• Contribute to the repository: Regardless of your experience level, there are numerous opportunities to make valuable contributions to the repository. Begin by familiarizing yourself with the CONTRIBUTING.md guidelines. Don't hesitate to ask questions for clarification and seek assistance from the community when needed (the discussion forum is a good place to do this too). Start small by identifying issues labeled "good-first-issues" or bugs marked as "beginner-friendly," and tailor your involvement within the project to align with your interests. As you explore the project and associated resources, and notice areas for improvement such as grammar adjustments, refining code segments, fixing a logo/banner or enhancing installation steps based on your initial experience, don't hesitate to raise an issue. Remember, every contribution, no matter how minor, has the potential to make a meaningful impact.
  • Seach Meshery good-first-issues
  • Attend events: Keep an eye out for development meetings that happen online every week. These meets are a great way to learn from community members, network with like-minded individuals, and stay updated on the latest developments with projects in Layer5. If you're new to the community the Layer5 Newcomers' meet (as of now happens every Thursday - sync the community calendar to get a reminder in your local time) is a great place to get your first introductions to the community, meet other folks and get introduced to the community/projects flow!
Five mascot on skateboard

The steps described above were simply how I approached my first few weeks in the community. Initially, I spent the first few days quietly observing conversations in Slack, akin to "reading the room," to understand the community's communication style, how to start engaging in the conversations and determine if it was a place where I could engage and thrive (if you haven't guessed by now - it is and beyond).

💡In Layer5, I discovered more than just a collection of projects; it's a supportive network of like-minded individuals with a shared mission to innovate and empower. The Layer5 community fosters an environment where contribution isn't merely encouraged; it's celebrated. If you find the Meshery project interesting, consider starring 🌟 the repository to show your support!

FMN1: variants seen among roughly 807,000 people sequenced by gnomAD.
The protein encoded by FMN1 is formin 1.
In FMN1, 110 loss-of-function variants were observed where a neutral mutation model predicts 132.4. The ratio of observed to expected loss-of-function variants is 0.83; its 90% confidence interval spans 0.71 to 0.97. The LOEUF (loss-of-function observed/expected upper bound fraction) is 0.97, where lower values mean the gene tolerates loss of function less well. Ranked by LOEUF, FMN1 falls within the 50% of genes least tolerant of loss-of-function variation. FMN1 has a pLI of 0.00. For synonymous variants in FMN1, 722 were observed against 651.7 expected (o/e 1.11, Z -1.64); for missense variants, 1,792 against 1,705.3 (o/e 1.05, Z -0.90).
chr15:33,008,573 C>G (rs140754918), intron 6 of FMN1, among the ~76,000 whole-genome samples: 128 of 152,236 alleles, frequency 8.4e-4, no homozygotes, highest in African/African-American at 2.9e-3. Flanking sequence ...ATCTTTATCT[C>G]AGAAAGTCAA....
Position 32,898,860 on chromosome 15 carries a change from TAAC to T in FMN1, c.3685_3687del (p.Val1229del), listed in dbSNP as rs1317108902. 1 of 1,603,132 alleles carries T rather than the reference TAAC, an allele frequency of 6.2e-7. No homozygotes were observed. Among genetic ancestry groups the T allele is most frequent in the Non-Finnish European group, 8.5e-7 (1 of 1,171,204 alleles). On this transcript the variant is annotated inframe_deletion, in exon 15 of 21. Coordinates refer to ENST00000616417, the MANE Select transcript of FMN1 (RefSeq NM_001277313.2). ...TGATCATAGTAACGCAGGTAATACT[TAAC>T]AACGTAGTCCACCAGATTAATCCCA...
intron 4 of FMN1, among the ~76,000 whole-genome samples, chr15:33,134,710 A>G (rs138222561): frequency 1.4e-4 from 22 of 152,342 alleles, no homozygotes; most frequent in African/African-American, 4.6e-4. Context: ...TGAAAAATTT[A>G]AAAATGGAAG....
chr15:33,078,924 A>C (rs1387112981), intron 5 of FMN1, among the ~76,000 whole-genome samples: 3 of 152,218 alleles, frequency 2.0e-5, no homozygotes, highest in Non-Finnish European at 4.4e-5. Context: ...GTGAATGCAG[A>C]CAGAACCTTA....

Consider starring the repo

Reflections on Personal and Professional Growth

My journey into open source has been nothing short of transformative. From honing technical skills to cultivating soft skills like communication and collaboration, every contribution has been a stepping stone toward personal and professional growth. But the real challenge? It was transitioning from solitary learning and development to learning/building in public. Being part of welcoming and supportive open-source communities has been instrumental in overcoming that hurdle and taking those crucial first steps into learning and building in public and ultimately contributing to my growth as an engineer/developer.

In a healthy open-source community, you're not just a contributor; you're part of something bigger. You collaborate with like-minded individuals, tackle real-world problems, and make a tangible impact on projects that transcend individual efforts. We get to forge new meaningful connections and share knowledge. So, whether you're just starting out or looking to expand your horizons, remember this: the journey is yours to chart, so just get started. “jiāyóu” 加油 !!

Thank you for reading. Happy contributing!

Useful links:

EddieHub Community

Layer5 Slack Community

Meshery repo

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Layer5, the cloud native management company

An empowerer of engineers, Layer5 helps you extract more value from your infrastructure. Creator and maintainer of cloud native standards. Maker of Meshery, the cloud native manager.